Hence, an actor is autonomous in deciding what to do next, and thus misalignments occur between the business transaction models and actor’s operation. Moreover, business actors, individually and/or collectively, operate the organization and also administrate and steer it, by means of observing the state of the world and then acting with purpose to change its state. Moreover, an organizational actor is simultaneous a controller agent and a controlled agent within an enterprise. This reason is why steering the operation of business transactions, by the mean of the correct business rules, is strongly needed nowadays on organizations.

As depicted in Figure 1, organizations require steering for continuous verifying if the desired models are satisfied and then to take purposeful actions to correct them. In line, systems control area identifies the need to construct a classic cycle of observation, decision and control to guarantee that the operation of a system satisfies within the desired conditions (Franklin et al., 2009). Accordingly with these principles, Figure 1 enforces an informed decision-making process, which in practice is a steering cycle with the following counterparts: observation (cf. Figure 1(1)), assessing the environment (cf. Figure 1(2)), designing the potential solutions (cf. Figure 1(3)) and choosing the best solution (cf. Figure 1(4)). These counterparts recall to the management competences and are mainly human based. Nevertheless, in this paper, we argue and show how automatic tools deliver support to the managers, aiding at some point in their decision-making tasks.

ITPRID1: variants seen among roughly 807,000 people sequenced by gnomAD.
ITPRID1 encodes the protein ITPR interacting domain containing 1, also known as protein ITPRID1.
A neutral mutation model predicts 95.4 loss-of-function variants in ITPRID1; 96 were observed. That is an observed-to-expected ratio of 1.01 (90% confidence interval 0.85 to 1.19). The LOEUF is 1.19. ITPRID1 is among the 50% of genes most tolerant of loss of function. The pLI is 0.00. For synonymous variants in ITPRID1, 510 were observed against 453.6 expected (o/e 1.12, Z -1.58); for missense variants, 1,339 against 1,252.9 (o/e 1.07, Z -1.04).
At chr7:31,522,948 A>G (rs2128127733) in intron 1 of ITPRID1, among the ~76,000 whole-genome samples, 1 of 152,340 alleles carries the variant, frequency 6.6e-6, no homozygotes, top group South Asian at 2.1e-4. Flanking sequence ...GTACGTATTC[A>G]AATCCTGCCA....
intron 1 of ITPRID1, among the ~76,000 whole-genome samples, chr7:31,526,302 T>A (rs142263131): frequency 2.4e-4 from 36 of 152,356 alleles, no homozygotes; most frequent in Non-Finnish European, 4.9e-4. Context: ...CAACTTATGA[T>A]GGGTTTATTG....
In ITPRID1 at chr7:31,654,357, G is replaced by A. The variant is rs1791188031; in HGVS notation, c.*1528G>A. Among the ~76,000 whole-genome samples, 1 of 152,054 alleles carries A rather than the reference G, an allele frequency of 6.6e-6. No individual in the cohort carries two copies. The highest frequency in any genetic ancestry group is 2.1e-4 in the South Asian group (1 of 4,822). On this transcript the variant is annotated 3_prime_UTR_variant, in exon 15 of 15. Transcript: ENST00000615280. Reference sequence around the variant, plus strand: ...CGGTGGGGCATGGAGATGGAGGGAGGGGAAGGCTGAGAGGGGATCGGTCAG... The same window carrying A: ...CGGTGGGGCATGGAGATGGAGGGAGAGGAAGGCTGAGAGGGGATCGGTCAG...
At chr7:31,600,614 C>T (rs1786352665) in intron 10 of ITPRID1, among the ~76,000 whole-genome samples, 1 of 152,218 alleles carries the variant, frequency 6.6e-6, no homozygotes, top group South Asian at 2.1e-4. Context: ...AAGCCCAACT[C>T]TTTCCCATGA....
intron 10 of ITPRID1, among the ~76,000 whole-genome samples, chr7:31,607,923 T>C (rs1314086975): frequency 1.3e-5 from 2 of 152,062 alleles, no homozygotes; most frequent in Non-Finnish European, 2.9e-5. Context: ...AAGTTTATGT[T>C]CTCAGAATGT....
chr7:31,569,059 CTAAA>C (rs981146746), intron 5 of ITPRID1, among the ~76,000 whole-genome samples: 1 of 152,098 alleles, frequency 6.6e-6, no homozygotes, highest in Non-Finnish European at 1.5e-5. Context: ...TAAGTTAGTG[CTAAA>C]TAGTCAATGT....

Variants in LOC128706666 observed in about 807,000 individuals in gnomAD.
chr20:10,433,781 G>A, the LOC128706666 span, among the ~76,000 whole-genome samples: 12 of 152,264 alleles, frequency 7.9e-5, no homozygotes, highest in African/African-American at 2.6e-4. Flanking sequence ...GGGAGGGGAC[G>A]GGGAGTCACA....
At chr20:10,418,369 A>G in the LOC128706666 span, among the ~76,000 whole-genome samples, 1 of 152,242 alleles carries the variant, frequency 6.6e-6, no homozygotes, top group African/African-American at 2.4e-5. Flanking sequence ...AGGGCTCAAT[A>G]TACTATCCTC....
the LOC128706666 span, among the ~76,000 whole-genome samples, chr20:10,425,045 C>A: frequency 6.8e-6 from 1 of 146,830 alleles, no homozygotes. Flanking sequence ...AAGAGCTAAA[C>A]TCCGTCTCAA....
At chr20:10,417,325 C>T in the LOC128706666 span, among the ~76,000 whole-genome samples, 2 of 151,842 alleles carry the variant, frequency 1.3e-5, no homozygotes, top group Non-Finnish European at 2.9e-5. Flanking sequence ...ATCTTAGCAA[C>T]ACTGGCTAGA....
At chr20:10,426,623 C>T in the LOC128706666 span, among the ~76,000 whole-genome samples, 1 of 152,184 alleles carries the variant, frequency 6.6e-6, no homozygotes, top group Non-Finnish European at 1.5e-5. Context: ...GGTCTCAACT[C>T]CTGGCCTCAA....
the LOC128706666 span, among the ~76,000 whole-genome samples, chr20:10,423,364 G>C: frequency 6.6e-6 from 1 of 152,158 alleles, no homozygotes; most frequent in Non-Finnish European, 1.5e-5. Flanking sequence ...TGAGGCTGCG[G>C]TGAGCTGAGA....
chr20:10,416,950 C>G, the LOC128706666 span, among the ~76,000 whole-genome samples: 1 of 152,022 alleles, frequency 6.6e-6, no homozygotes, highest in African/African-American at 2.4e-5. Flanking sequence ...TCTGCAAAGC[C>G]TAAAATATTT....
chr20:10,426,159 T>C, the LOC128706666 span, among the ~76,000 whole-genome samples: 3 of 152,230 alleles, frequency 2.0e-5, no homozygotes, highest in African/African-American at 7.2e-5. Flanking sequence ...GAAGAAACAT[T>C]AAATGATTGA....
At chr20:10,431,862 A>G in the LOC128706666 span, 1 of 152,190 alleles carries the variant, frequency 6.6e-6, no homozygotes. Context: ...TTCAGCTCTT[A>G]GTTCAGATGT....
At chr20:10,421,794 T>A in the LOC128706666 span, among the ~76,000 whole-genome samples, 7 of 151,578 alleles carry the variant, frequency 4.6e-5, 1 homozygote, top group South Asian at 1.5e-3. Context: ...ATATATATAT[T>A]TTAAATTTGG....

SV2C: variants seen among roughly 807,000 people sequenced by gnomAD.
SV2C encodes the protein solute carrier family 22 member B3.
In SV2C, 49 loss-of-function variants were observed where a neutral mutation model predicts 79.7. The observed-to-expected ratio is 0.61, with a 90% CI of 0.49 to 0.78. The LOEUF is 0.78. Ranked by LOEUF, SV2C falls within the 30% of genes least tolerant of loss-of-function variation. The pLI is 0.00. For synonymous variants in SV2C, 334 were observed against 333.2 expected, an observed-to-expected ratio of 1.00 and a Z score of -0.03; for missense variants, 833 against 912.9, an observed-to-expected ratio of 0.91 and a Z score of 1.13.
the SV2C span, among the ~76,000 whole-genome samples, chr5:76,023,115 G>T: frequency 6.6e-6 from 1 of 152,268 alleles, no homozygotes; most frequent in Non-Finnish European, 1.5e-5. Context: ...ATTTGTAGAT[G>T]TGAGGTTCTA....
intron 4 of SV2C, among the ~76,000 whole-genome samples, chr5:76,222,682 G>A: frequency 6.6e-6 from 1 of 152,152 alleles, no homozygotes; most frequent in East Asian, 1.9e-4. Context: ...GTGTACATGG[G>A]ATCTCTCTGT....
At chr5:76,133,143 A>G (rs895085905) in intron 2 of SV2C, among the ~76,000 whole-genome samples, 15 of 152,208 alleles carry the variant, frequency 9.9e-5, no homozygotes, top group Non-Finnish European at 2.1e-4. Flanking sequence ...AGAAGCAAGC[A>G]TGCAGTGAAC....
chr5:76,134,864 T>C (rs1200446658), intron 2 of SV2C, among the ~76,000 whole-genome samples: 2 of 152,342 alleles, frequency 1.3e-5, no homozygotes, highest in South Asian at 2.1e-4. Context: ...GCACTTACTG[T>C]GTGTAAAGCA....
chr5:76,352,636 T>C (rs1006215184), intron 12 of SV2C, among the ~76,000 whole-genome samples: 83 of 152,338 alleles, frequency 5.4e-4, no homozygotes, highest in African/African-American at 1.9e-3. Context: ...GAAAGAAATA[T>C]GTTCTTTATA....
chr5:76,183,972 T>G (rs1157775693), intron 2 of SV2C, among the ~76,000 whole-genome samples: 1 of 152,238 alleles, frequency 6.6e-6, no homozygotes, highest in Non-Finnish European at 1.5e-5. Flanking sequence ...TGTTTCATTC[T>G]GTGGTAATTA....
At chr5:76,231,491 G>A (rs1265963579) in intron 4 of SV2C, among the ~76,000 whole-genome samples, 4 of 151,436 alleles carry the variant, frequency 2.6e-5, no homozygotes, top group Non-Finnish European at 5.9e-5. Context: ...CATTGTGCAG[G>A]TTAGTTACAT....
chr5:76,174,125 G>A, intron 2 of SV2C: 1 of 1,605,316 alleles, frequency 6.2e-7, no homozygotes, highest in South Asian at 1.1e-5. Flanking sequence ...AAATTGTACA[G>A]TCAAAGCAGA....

Figure 1.

Steering cycle: the business transactions are the organizational objects to be controlled, the observed variables are its states and the control variables are the business transactions redesign initiatives

Key Terms in this Chapter

Operation: The collective activity of all the elements within the organization and in the surrounding environment.

Decision-Making: A management competence that encompasses: the intelligence to discover the organizational problems, the design of potential solutions, the choosing of the best solution, the implementation of the solution and the verification if the new solution fulfills the desired goals.

Actor: The actors, human or machine, are part of the enterprise and are organized in a network where the individual and collective views of the enterprise coexist.

Observation: The capability to be aware about the internals of the organization and about its surrounding environment.

Business Transaction: A model representation of a given organizational reality that is valid within a specific timeframe.

Control: The ability to drive, within a bounded effort, the operation of the enterprise towards a desired prescription whenever changes or perturbations occur.

Complete Chapter List

Search this Book:
Reset